Another form of breeding often employed with self-pollinating species involves backcrossing. This is used when an existing variety is broadly satisfactory but lacks one useful and simply inherited trait that is to be found in some other variety. Hybrids are made between the two varieties, and the first hybrid generation is crossed, or backcrossed, with the broadly satisfactory variety which is known as the recurrent parent. Backcrossing has been exceedingly useful in practice and has been extensively employed in adding resistance to diseases, such as rust, smut, or mildew, to established and acceptable varieties of oats, wheat, and barley.

Natural populations of cross-pollinating species are characterized by extreme genetic diversity. No seed parent is true-breeding, first because it was itself derived from a fertilization in which genetically different parents participated, and second because of the genetic diversity of the pollen it will have received. In dealing with cultivated plants with this breeding structure, the essential concern in seed production is to employ systems in which hybrid vigor is exploited, the range of variation in the crop is diminished, and only parents likely to give rise to superior offspring are retained.

Plant breeders have made use either of inbreeding followed by hybridization or of some form of recurrent selection. During inbreeding programs normally cross-pollinated species, such as corn, are compelled to self-pollinate by artificial means. Inbreeding is continued for a number of generations until genetically pure, true-breeding, and uniform inbred lines are produced. During the production of the inbred lines, rigorous selection is practiced for general vigor and yield and disease resistance, as well as for other important characteristics. To estimate the value of inbred lines as the parents of hybrids, it is necessary to make tests of their combining ability. The test that is used depends upon the crop and on the ease with which controlled cross-pollination can be effected.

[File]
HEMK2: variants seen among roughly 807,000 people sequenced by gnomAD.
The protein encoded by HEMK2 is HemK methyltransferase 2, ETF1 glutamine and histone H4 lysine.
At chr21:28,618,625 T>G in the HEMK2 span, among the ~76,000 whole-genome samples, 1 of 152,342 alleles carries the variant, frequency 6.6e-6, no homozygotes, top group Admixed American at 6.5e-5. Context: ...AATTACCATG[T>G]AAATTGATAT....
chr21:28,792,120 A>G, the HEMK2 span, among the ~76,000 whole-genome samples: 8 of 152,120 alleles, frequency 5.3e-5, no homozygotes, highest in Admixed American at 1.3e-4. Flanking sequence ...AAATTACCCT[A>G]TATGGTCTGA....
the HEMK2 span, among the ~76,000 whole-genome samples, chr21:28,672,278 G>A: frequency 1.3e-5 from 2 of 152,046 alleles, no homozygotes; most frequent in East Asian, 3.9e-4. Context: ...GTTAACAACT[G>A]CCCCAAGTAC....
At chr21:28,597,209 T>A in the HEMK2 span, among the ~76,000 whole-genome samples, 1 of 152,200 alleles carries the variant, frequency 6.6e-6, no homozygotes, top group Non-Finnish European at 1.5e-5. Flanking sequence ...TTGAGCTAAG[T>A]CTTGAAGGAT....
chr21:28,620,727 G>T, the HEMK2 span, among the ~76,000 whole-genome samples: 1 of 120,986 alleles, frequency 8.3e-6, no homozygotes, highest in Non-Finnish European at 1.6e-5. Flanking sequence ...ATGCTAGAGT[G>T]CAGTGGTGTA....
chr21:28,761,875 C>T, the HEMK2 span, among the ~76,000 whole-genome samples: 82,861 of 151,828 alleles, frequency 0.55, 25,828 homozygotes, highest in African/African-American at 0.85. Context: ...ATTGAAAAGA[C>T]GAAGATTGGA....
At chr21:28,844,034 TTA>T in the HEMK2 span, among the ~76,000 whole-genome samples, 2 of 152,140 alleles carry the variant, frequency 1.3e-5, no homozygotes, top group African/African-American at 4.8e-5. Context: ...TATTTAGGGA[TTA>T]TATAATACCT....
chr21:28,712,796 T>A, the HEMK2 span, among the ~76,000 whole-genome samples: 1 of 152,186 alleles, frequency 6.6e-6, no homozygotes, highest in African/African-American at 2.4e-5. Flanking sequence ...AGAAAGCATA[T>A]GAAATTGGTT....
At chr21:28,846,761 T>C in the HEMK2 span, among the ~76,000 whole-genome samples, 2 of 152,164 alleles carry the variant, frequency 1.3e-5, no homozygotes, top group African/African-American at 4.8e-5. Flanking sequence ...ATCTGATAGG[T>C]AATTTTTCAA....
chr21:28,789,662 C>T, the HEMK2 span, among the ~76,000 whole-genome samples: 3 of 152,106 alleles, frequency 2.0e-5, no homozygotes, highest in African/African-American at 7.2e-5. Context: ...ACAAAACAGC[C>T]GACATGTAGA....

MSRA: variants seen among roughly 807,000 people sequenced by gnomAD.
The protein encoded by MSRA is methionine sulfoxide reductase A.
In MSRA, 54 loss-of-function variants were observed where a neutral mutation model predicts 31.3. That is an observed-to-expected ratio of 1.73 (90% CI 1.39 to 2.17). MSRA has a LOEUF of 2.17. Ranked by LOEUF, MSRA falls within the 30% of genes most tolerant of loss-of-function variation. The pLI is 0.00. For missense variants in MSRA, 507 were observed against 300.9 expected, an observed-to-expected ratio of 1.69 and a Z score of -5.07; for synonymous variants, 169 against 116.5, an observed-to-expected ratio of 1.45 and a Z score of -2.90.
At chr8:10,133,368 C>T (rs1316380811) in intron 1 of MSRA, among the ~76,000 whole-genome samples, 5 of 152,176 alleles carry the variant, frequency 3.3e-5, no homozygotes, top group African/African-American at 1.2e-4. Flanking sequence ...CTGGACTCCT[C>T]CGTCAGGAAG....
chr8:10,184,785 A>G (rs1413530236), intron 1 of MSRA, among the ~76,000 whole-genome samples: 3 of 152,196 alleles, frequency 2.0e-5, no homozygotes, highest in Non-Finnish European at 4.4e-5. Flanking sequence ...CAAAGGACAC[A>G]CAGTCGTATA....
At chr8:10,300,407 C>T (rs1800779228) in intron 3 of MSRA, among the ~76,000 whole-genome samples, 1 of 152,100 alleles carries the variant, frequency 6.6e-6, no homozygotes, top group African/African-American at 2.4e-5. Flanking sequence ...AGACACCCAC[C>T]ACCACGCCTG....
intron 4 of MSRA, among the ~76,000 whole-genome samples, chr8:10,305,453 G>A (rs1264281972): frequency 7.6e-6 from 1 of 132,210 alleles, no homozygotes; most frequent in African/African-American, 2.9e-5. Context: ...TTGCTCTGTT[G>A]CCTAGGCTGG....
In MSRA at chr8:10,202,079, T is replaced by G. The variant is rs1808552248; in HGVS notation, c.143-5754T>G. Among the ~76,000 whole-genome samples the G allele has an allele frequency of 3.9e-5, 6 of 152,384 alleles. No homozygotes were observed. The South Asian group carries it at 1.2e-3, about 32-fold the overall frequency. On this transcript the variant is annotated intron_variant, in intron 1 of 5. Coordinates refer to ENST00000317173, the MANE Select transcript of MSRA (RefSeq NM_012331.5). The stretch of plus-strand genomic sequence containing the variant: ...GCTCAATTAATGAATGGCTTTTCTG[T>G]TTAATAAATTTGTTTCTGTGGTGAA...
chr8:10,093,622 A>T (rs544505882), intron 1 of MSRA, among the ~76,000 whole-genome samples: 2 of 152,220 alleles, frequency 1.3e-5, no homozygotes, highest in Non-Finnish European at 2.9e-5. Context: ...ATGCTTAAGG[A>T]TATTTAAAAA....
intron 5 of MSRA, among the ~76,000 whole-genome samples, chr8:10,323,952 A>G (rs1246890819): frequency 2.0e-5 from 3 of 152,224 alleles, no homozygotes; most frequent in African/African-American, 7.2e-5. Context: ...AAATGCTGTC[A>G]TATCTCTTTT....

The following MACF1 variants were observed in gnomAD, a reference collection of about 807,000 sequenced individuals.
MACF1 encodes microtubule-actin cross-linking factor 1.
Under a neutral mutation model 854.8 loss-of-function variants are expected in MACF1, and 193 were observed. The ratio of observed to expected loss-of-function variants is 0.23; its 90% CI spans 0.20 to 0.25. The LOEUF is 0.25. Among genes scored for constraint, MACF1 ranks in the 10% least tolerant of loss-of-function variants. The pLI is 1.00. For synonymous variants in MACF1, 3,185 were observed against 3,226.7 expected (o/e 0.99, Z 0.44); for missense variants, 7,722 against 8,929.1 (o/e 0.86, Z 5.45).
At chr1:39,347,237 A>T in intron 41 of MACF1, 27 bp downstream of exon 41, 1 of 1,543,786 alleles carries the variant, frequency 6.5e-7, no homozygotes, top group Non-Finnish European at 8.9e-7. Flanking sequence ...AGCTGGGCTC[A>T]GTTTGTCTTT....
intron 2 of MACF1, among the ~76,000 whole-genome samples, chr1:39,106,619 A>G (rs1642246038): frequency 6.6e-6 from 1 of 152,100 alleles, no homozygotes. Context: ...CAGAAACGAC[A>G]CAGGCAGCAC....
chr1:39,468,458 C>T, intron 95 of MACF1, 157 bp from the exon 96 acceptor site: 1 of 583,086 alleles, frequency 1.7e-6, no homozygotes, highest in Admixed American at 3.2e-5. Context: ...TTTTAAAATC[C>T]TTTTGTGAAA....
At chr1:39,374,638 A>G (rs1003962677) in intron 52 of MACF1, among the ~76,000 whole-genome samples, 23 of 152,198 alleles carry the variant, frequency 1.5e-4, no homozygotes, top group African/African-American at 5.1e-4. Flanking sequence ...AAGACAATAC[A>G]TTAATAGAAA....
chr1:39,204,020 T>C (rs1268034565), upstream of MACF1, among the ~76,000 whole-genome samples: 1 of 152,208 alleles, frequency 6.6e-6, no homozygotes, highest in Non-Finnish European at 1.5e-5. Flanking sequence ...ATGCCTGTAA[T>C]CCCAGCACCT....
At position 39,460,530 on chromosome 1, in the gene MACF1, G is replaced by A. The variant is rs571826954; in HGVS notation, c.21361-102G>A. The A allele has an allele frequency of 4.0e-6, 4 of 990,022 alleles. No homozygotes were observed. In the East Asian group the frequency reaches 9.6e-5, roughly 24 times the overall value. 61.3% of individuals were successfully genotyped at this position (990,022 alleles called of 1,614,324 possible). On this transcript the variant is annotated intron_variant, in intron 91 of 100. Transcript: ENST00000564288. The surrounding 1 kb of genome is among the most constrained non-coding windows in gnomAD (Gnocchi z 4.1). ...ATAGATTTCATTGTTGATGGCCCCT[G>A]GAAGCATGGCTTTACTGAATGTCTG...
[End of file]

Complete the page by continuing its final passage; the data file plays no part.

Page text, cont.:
Breeding procedures designated as recurrent selection are coming into limited use with open-pollinated species. In theory, this method visualizes a controlled approach to homozygosity, with selection and evaluation in each cycle to permit the desired stepwise changes in gene frequency. Experimental evaluation of the procedure indicates that it has real possibilities. Four types of recurrent selection have been suggested: on the basis of phenotype, for general combining ability, for specific combining ability, and reciprocal selection. The methods are similar in the procedures involved, but vary in the type of tester parent chosen, and therefore in the efficiency with which different types of gene action (additive and nonadditive) are measured.

Varieties of asexually propagated crops consist of large assemblages of genetically identical plants, and there are only two ways of introducing new and improved varieties: by sexual reproduction and by the isolation of somatic mutations. (A very few asexually propagated crop species are sexually sterile, like the banana, but the majority have some sexual fertility.) The latter method has often been used successfully with decorative plants, such as chrysanthemum, and new forms of potato have occasionally arisen in this way. When sexual reproduction is used, hybrids are produced on a large scale between existing varieties; the small number that have useful arrays of characters are propagated vegetatively until sufficient numbers can be planted to allow agronomic evaluation.